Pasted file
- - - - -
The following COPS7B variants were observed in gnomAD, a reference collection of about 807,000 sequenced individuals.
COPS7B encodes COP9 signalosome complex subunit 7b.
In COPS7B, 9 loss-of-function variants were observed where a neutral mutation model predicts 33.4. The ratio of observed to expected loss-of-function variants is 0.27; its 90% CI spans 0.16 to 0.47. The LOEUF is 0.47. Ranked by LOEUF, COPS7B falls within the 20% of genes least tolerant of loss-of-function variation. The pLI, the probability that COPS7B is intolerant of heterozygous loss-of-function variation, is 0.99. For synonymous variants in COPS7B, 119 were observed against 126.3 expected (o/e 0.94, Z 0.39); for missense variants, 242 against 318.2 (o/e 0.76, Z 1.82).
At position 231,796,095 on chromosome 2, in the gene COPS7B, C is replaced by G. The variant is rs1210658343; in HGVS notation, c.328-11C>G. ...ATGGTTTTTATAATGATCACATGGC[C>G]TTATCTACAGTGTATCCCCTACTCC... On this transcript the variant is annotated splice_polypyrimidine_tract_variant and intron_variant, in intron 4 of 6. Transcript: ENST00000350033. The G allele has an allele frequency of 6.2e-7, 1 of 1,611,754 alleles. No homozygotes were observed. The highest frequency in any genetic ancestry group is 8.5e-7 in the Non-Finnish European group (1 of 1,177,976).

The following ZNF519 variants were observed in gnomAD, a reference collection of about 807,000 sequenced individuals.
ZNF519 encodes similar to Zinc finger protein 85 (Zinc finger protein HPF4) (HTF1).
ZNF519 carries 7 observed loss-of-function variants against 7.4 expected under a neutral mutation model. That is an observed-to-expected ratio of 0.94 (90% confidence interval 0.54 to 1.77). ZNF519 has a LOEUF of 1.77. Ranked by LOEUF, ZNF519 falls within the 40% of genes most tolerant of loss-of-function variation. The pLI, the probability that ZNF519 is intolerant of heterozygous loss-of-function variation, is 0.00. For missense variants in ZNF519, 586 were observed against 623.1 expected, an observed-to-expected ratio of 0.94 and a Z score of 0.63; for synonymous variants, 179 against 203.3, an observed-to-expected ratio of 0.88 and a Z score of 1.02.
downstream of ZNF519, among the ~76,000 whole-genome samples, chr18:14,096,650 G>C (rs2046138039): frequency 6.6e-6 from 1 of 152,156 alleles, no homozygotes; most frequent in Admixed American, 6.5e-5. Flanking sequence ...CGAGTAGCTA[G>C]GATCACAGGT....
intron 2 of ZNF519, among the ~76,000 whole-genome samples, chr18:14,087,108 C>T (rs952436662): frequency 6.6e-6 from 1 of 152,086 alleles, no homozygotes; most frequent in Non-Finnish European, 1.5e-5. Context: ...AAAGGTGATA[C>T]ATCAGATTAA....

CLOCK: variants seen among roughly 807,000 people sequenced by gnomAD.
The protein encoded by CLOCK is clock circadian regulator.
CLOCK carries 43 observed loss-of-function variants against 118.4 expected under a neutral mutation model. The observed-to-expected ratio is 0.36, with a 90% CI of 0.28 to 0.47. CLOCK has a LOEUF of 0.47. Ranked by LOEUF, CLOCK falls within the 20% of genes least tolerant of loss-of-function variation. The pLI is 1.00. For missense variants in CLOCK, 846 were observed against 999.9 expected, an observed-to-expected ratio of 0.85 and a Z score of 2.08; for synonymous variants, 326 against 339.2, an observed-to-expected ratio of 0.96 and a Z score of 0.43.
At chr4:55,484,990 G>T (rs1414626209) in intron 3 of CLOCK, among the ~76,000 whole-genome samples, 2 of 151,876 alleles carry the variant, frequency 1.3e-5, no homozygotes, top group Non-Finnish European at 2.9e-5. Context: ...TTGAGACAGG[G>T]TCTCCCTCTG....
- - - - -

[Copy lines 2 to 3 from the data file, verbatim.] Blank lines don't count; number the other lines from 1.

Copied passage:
COPS7B encodes COP9 signalosome complex subunit 7b.
In COPS7B, 9 loss-of-function variants were observed where a neutral mutation model predicts 33.4. The ratio of observed to expected loss-of-function variants is 0.27; its 90% CI spans 0.16 to 0.47. The LOEUF is 0.47. Ranked by LOEUF, COPS7B falls within the 20% of genes least tolerant of loss-of-function variation. The pLI, the probability that COPS7B is intolerant of heterozygous loss-of-function variation, is 0.99. For synonymous variants in COPS7B, 119 were observed against 126.3 expected (o/e 0.94, Z 0.39); for missense variants, 242 against 318.2 (o/e 0.76, Z 1.82).